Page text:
Question: I have to admit … I never read those lengthy “terms and conditions” on websites. I simply scroll to the end and click “accept.” If something goes wrong, am I really legally bound?
Contractually speaking, a website could simply state its terms on the home page. When a user enters a website, they accept its terms – similar to a storefront window sign. But due to the scope of the internet, and the unknown identity of billions of users, a box click is required.
- Jurisdiction: To avoid being brought across the country or world, a site owner determines home court of jurisdiction, in case of a future lawsuit.
- Arbitration: Class action lawsuits are more available in the online world, due to the huge number of users experiencing identical site visits. A website owner can require users to waive this right in favor of arbitration.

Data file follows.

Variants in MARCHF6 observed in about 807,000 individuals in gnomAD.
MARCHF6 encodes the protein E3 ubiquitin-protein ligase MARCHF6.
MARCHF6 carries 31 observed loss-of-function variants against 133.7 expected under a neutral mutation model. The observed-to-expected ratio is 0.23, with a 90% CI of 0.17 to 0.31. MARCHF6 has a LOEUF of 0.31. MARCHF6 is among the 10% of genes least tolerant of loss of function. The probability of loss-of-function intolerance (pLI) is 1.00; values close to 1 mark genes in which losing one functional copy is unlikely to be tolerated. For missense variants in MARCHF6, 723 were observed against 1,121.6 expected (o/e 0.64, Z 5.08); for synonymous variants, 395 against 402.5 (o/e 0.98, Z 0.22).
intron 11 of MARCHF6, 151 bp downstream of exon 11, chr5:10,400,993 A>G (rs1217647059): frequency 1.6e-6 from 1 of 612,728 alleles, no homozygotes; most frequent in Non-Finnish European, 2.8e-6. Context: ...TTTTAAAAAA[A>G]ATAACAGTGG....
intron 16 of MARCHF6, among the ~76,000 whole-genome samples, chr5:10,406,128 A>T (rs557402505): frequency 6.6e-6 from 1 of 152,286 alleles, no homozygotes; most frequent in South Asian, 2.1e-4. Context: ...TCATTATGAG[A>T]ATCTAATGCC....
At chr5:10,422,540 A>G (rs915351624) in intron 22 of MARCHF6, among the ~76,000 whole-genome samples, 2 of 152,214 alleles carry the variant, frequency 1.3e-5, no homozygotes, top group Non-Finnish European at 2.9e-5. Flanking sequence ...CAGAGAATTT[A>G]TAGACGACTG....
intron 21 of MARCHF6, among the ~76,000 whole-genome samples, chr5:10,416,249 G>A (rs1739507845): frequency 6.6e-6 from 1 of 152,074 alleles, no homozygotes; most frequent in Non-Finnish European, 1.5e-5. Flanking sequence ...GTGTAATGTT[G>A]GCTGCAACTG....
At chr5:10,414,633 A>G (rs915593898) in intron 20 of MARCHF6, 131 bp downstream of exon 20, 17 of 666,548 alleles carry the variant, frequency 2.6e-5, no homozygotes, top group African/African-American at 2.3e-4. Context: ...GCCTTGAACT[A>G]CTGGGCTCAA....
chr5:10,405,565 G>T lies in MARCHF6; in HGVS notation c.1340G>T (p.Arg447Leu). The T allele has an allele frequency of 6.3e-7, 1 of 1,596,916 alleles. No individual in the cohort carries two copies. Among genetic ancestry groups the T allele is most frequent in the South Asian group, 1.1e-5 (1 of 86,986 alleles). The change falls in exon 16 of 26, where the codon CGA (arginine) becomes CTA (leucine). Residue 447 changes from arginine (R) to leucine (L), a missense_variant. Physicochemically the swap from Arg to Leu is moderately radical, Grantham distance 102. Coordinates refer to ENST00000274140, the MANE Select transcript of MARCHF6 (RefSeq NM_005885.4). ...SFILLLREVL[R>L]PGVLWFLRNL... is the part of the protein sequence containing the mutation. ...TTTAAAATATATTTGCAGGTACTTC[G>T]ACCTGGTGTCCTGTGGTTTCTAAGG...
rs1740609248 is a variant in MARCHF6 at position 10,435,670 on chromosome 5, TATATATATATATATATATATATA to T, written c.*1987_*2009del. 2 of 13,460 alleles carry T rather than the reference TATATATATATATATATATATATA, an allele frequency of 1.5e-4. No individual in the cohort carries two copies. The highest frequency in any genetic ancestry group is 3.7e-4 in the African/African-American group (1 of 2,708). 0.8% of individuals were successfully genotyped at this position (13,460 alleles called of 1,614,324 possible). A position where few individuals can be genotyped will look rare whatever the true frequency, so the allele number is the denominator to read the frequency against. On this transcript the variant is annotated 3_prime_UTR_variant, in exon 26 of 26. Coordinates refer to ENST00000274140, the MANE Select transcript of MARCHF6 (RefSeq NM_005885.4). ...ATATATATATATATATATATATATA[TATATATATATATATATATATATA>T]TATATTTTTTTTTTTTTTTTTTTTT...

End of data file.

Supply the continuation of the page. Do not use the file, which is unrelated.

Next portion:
- Disclaimer of warranties: Have you ever downloaded a virus from a website? It is rarely the fault of the website owner. Such a disclaimer protects the owner for unintended consequences of use like malware or viruses.
- Limitation of allowed conduct: Social media sites especially need to waive liability for the acts of other users. Have you ever read the hate filled anonymous comments section of a news site? Facebook has its bully users. Match.com has produced many bad dates. Craigslist … oh boy.
This article was originally published in the Lowell Sun and is for informational purposes only and not to be relied on as legal advice, in any manner.